In-vitro study on the effect of ulipristal acetate on human embryo implantation using a trophoblastic spheroid and endometrial cell co-culture model
ESC Congress Library. Li R. 05/28/14; 50539; A-124
Dr. Raymond Li
Dr. Raymond Li
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Abstract
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Objectives: Ulipristal acetate (UPA), a selective progesterone receptor modulator, has been introduced for use in emergency contraception.  The main mechanism of action is inhibiting or delaying ovulation.  Whether UPA can have secondary action by inhibiting implantation is still uncertain.  The present study examined the effect of UPA on human embryo implantation using an in-vitro human trophoblastic spheroid and endometrial cell co-culture model.


 


Method: We studied the effect of UPA on implantation using a trophoblastic spheroids-endometrial cell attachment assay.  The JAr (human choriocarcinoma) and Ishikawa (human endometrial adenocarcinoma) cell lines were treated with graded concentrations of UPA (0, 0.04, 0.4 and 4µM) for 24 hours.  We took the peak serum drug level after oral administration of UPA 30 mg, i.e. 0.4 µM, as the pharmacological concentration, and our experimental range covered ten-times below and above this.  After treatment, the JAr cells were trypsinized and gently shaken at 106rpm overnight to form spheroids of 100-150mm size, which were used as the embryo surrogate.  A confluent monolayer of the Ishikawa cells was used as the endometrium surrogate, onto which the spheroids were seeded and cultured for 1 hour at 37oC under 5% CO2.  The co-culture was then shaked at 140rpm for 10 minutes to remove any unattached spheroids.  The number of attached JAr spheroid was then counted under light microscope. Attachment rate was defined as the ratio of the number of attached spheroids to the total number seeded. The experiment was also repeated using cultured primary human endometrial cells (aspirated 7 days after the LH surge) as the endometrium surrogate, which was co-cultured with trophoblastic spheroids for 3 hours after treating the respective cells with 4µM UPA.  The results were pooled from 19 and 7 independent repeats for the Ishikawa and primary endometrial cell experiments respectively.


 


Results: In the Ishikawa experiments, there was no significant difference in the trophoblastic spheroid attachment rate after treatment with UPA at 0 (93.0%), 0.04 (93.6%), 0.4 (93.4%) and 4 (91.4%) µM concentrations (p>0.05).  In the primary endometrial cell experiments, again no significant difference was observed in trophoblastic spheroid attachment rate between the treatment group (UPA 4µM, 42.6%) compared to the control (without UPA treatment, 46.5%, p>0.05).  Significant suppression of spheroid attachment rate (p<0.01) was observed in the positive controls which were set up with methotrexate 5μM treatment.


 


Conclusions: UPA at pharmacological concentration used for emergency contraception may not have inhibitory effect on embryo implantation.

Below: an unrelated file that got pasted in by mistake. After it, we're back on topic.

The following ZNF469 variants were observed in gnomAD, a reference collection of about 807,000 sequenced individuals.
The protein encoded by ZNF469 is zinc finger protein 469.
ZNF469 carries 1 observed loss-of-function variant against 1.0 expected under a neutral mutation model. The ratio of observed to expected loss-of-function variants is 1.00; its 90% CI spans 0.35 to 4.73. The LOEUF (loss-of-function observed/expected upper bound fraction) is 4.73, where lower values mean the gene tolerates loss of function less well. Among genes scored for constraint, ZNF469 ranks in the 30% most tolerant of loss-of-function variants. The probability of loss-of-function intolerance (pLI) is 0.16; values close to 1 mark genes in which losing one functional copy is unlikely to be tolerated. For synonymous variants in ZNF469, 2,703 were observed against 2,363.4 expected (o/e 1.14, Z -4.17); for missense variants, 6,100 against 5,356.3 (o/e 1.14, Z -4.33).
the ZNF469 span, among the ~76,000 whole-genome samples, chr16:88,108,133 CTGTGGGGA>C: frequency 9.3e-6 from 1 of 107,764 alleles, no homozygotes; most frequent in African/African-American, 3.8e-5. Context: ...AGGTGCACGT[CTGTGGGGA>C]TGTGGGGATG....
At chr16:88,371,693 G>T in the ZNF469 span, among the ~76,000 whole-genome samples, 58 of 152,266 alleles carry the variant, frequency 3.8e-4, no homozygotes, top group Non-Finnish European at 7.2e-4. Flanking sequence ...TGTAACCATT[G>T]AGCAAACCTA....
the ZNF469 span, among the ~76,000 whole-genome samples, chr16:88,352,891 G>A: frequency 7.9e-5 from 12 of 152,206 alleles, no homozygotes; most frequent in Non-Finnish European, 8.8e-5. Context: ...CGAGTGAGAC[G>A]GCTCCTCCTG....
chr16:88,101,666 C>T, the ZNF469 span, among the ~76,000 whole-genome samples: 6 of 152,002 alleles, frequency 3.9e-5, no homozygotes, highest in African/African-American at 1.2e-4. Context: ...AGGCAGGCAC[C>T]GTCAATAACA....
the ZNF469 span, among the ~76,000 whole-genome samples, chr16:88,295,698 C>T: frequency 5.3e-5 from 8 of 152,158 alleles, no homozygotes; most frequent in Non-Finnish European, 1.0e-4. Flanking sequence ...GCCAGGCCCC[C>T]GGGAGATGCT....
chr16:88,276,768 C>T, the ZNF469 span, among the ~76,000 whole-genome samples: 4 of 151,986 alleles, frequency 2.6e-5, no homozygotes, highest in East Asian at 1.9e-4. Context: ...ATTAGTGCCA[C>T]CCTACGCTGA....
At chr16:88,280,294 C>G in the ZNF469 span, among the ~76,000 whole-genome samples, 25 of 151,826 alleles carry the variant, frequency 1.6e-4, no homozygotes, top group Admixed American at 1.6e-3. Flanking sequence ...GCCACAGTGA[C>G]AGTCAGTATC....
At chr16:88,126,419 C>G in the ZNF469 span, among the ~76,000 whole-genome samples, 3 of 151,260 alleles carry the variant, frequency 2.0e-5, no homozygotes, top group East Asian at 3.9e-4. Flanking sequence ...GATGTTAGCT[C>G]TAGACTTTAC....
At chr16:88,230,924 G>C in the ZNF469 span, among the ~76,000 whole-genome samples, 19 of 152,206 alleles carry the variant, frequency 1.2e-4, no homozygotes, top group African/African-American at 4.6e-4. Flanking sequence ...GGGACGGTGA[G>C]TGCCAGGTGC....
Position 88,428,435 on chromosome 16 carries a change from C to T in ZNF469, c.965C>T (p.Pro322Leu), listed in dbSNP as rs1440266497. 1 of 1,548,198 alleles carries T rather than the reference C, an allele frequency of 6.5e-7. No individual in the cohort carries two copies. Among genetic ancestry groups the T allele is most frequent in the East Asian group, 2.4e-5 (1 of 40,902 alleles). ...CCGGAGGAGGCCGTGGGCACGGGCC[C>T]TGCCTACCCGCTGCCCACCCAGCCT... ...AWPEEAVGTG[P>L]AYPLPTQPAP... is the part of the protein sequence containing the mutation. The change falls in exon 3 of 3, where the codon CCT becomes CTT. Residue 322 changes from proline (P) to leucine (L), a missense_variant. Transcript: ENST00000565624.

Objectives: Ulipristal acetate (UPA), a selective progesterone receptor modulator, has been introduced for use in emergency contraception.  The main mechanism of action is inhibiting or delaying ovulation.  Whether UPA can have secondary action by inhibiting implantation is still uncertain.  The present study examined the effect of UPA on human embryo implantation using an in-vitro human trophoblastic spheroid and endometrial cell co-culture model.


 


Method: We studied the effect of UPA on implantation using a trophoblastic spheroids-endometrial cell attachment assay.  The JAr (human choriocarcinoma) and Ishikawa (human endometrial adenocarcinoma) cell lines were treated with graded concentrations of UPA (0, 0.04, 0.4 and 4µM) for 24 hours.  We took the peak serum drug level after oral administration of UPA 30 mg, i.e. 0.4 µM, as the pharmacological concentration, and our experimental range covered ten-times below and above this.  After treatment, the JAr cells were trypsinized and gently shaken at 106rpm overnight to form spheroids of 100-150mm size, which were used as the embryo surrogate.  A confluent monolayer of the Ishikawa cells was used as the endometrium surrogate, onto which the spheroids were seeded and cultured for 1 hour at 37oC under 5% CO2.  The co-culture was then shaked at 140rpm for 10 minutes to remove any unattached spheroids.  The number of attached JAr spheroid was then counted under light microscope. Attachment rate was defined as the ratio of the number of attached spheroids to the total number seeded. The experiment was also repeated using cultured primary human endometrial cells (aspirated 7 days after the LH surge) as the endometrium surrogate, which was co-cultured with trophoblastic spheroids for 3 hours after treating the respective cells with 4µM UPA.  The results were pooled from 19 and 7 independent repeats for the Ishikawa and primary endometrial cell experiments respectively.


 


Results: In the Ishikawa experiments, there was no significant difference in the trophoblastic spheroid attachment rate after treatment with UPA at 0 (93.0%), 0.04 (93.6%), 0.4 (93.4%) and 4 (91.4%) µM concentrations (p>0.05).  In the primary endometrial cell experiments, again no significant difference was observed in trophoblastic spheroid attachment rate between the treatment group (UPA 4µM, 42.6%) compared to the control (without UPA treatment, 46.5%, p>0.05).  Significant suppression of spheroid attachment rate (p<0.01) was observed in the positive controls which were set up with methotrexate 5μM treatment.


 


Conclusions: UPA at pharmacological concentration used for emergency contraception may not have inhibitory effect on embryo implantation.

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